Korth PC Specs
    MotherboardASUS X99 R5E (BIOS2101/1902)
    ProcessorHaswell-EP E5-1680-3 SR20H/R2 (4.4GHz)
    Memory (part number)Vengeance LPX 4x8GB SS DDR4-3000 (CMK32GX4M4C3000C15)
    Graphics Card #1NVIDIA Quadro GP100GL/16GB, 16xPCIe3, NVLink1 (SLI-HB)
    Graphics Card #2NVIDIA Quadro GP100GL/16GB, 16xPCIe3, NVLink1 (SLI-HB)
    Sound CardJDS Labs O2+ODAC (RevB), USB2 UAC1
    MonitorASUS PG278Q
    Storage #1Samsung 850 PRO 512GB SSDs, 4xSATA3 RAID0
    Storage #2Comay BladeDrive E28 3200GB SSD, 8xPCIe2
    CPU CoolerRaijintek NEMESIS/TISIS, AS5, 2xNH-A14
    CaseObsidian 750D (original), 6xNH-A14
    Power SupplyZalman/FSP ZM1250 Platinum
    Headset Pilot P51 PTT *modded*
    OS Arch, Gentoo, Win7x64, Win10x64
    Network RouterActiontec T3200M VDSL2 Gateway
    Accessory #1 TP-Link AC1900 Archer T9E, 1xPCIe
    Accessory #2 ASUS/Infineon SLB9635 TPM (TT1.2/FW3.19)
    Accessory #3 ASUS OC Panel I (FW0501)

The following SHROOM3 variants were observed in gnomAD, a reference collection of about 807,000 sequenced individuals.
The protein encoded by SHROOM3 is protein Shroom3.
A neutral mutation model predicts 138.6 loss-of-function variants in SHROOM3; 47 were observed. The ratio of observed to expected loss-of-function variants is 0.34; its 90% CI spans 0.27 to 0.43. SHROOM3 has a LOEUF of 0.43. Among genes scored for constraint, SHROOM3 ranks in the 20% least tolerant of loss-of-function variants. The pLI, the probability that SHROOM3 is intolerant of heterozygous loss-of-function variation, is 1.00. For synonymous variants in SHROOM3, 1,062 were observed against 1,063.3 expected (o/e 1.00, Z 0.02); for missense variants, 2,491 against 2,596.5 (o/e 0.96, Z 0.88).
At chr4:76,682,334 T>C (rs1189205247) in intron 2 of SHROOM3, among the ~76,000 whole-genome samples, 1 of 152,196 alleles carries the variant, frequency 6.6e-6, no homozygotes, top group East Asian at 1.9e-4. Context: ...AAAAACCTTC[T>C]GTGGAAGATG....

Korth's Avatar
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    There's many different kinds of TPMs. The whole point is that they're unique and "unhackable" cryptomodules, "one-of-a-kind" keys which sometimes also contain part of the lock mechanism. The ones I'm familiar with cannot be reflashed, by design, so there's no chance their firmware can be compromised by an attacker. Other types exist and some of these might have flashable firmwares.

    The exact technical details of this exploit are not public. The summarized vulnerability metrics show that this is a pre-emptive "official fix" for a "highly confidential" "highly technical" "proof-of-concept" "low overall threat" network exploit. Specifically noted to not affect Windows Clients unless they run BitLocker, and already corrected by Microsoft in all affected consumer Windows versions except Win7 (which still needs the firmware security update). It's basically not a consumer issue and primarily affects only HP, Lenovo, Fujitsu, and WinMagic enterprise products - unless, as a consumer, you obtained an Infineon TPM meant to be deployed in these specific enterprise platforms.
    "All opinions are not equal. Some are a very great deal more robust, sophisticated and well supported in logic and argument than others." - Douglas Adams

    [/Korth]

  5. #5
    ROG Guru: Yellow Belt Array lightknightrr PC Specs